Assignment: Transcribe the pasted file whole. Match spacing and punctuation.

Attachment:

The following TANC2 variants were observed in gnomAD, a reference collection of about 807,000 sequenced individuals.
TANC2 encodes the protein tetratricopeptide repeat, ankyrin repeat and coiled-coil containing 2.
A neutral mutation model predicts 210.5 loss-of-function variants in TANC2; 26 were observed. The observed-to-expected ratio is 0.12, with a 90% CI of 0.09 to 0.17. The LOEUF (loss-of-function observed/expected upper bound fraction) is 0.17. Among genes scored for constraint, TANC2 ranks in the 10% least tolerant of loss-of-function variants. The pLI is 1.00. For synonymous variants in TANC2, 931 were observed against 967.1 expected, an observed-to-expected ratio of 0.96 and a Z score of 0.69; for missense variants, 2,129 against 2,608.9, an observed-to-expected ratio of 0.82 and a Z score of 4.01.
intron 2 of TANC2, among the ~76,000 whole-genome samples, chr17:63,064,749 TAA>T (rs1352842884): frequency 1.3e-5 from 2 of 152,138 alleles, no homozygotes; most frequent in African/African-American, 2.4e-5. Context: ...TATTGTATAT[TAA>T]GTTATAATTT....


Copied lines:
The following TANC2 variants were observed in gnomAD, a reference collection of about 807,000 sequenced individuals.
TANC2 encodes the protein tetratricopeptide repeat, ankyrin repeat and coiled-coil containing 2.
A neutral mutation model predicts 210.5 loss-of-function variants in TANC2; 26 were observed. The observed-to-expected ratio is 0.12, with a 90% CI of 0.09 to 0.17. The LOEUF (loss-of-function observed/expected upper bound fraction) is 0.17. Among genes scored for constraint, TANC2 ranks in the 10% least tolerant of loss-of-function variants. The pLI is 1.00. For synonymous variants in TANC2, 931 were observed against 967.1 expected, an observed-to-expected ratio of 0.96 and a Z score of 0.69; for missense variants, 2,129 against 2,608.9, an observed-to-expected ratio of 0.82 and a Z score of 4.01.
intron 2 of TANC2, among the ~76,000 whole-genome samples, chr17:63,064,749 TAA>T (rs1352842884): frequency 1.3e-5 from 2 of 152,138 alleles, no homozygotes; most frequent in African/African-American, 2.4e-5. Context: ...TATTGTATAT[TAA>T]GTTATAATTT....